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  12. Johnny Best

    Johnny Best Very Active Member

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    Sticker Mule is $949 for 3,000.
     
  13. equippaint

    equippaint Very Active Member

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    Bet they don't do the job on their Chinese plotter in their garage though. That'd be one miserable job with the wrong equipment.
     
  14. JBurton

    JBurton Signtologist

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    Just had to tell a customer that even though I could try to compete with another quote he had on 15k 2"x2.75" outdoor rated decals, I would not put myself out there. I had managed a price in the range of a nickel per sq/in (I had never priced per square inch until yesterday, just to compare to his other quote) but he emailed me over specs on the competition using temporary calendared material at a cost of $.018 . I second guessed this, because surely he did not mean 1 penny and 8 tenths for every sq/in, but that was accurate.
    My 5 cents per inch was on prismatic 3m with cast 3m laminate... and I thought that was incredible...
     
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  15. AF

    AF Active Member

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    Just move on to a live one. The guy got a crazy good price and decided to shop it. I wouldn’t waste time with people like that.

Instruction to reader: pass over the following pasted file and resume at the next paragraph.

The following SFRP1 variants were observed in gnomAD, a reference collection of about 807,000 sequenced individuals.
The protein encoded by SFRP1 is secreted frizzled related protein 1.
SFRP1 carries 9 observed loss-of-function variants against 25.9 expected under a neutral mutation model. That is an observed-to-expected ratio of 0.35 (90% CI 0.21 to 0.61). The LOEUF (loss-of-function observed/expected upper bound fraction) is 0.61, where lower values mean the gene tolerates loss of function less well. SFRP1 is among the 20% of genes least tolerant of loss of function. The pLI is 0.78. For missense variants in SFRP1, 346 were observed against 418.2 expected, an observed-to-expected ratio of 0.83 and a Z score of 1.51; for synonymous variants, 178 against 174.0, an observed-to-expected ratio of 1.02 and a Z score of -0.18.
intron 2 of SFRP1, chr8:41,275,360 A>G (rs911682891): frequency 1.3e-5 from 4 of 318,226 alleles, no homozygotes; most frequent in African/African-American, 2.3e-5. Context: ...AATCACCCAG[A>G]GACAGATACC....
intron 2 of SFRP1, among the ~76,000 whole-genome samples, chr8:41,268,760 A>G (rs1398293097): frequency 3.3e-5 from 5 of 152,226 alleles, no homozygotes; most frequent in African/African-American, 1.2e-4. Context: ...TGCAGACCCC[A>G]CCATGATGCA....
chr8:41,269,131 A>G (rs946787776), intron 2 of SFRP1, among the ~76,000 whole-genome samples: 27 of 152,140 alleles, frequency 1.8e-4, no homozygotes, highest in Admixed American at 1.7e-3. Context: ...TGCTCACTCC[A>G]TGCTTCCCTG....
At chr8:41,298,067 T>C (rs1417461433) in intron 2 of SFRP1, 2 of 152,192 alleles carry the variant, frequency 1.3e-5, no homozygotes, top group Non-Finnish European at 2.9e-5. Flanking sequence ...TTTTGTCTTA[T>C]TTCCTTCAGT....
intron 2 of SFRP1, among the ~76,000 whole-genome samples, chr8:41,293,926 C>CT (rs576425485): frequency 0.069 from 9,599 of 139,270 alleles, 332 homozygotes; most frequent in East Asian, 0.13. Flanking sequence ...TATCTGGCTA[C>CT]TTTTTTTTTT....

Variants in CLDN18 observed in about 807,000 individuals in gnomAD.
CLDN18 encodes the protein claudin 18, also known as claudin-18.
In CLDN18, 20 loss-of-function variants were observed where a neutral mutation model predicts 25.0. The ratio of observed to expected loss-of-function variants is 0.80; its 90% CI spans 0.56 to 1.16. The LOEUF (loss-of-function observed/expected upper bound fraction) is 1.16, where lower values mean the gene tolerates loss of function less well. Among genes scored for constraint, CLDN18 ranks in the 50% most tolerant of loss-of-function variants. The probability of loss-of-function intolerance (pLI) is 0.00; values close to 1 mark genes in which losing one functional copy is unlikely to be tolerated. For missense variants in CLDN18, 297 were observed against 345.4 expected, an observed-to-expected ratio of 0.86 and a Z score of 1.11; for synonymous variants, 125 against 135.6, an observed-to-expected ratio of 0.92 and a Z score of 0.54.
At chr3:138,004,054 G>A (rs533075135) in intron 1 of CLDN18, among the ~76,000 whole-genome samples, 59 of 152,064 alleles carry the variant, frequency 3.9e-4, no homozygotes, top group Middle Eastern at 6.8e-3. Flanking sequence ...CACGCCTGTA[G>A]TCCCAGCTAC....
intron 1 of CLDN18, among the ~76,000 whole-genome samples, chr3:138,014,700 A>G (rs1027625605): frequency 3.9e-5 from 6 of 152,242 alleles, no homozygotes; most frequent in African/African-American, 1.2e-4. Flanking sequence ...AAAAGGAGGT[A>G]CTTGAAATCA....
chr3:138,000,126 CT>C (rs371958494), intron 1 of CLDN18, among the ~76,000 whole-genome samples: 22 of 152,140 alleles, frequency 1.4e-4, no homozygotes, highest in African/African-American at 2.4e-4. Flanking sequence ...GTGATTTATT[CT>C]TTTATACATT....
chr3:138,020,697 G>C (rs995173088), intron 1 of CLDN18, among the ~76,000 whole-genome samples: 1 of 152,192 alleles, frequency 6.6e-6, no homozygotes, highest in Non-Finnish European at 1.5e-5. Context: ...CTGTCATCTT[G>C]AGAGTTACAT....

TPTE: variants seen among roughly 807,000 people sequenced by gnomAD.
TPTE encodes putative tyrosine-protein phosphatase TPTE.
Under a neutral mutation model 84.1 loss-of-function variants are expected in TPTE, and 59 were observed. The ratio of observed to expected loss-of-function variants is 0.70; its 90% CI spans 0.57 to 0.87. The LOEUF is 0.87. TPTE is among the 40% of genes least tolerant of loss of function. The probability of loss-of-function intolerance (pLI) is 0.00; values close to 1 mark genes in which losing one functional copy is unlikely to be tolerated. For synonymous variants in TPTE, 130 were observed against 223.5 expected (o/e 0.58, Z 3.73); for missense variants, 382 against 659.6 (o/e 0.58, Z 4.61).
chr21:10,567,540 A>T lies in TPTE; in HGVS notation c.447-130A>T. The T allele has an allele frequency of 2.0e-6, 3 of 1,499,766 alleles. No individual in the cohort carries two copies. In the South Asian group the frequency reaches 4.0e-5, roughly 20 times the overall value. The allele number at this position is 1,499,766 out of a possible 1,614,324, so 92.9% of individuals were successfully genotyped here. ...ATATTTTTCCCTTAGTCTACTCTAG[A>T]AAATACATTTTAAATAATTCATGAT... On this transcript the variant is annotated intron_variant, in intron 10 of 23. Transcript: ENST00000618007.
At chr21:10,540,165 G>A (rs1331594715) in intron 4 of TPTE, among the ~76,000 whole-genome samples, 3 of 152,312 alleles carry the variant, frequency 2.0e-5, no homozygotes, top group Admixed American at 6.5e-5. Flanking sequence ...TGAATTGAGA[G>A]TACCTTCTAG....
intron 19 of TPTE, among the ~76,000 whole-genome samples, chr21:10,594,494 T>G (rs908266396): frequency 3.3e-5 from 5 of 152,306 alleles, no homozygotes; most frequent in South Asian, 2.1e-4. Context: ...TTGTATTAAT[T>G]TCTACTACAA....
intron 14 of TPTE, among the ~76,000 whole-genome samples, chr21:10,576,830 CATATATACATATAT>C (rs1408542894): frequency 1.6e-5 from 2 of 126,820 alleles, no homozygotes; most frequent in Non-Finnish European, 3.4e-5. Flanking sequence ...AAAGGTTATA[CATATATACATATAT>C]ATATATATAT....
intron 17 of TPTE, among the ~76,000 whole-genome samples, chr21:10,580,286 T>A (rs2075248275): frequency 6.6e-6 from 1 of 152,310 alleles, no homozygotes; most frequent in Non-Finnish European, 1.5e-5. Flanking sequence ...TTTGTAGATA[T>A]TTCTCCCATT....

16. JBurton

    JBurton Signtologist

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    Well I think I did some good. They have a mess of actual signs to get redone, this was a small part of the acquisition/conversion regulatory part where they will have to put their emergency contact info on all 15,000 pipeline markers. I think you could buy the markers and a truck to drive them into the ground, cheaper than you can pay people to put stickers on these things every 1/4 mile...
    In any case I produced him samples rapidly and developed a good relationship, so here's hoping I can get some real signage out of it.
     
  17. TimToad

    TimToad Very Active Member

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    This.
     
  18. Kerning

    Kerning Member

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    Why don't you just not offer doing the stickers and focus on jobs that can't be bought online? Your not going to loose a good customer by making them buy some small decals online once and a while. I'd rather focus on more profitable tasks.... or waste time on S101
     
  19. TimToad

    TimToad Very Active Member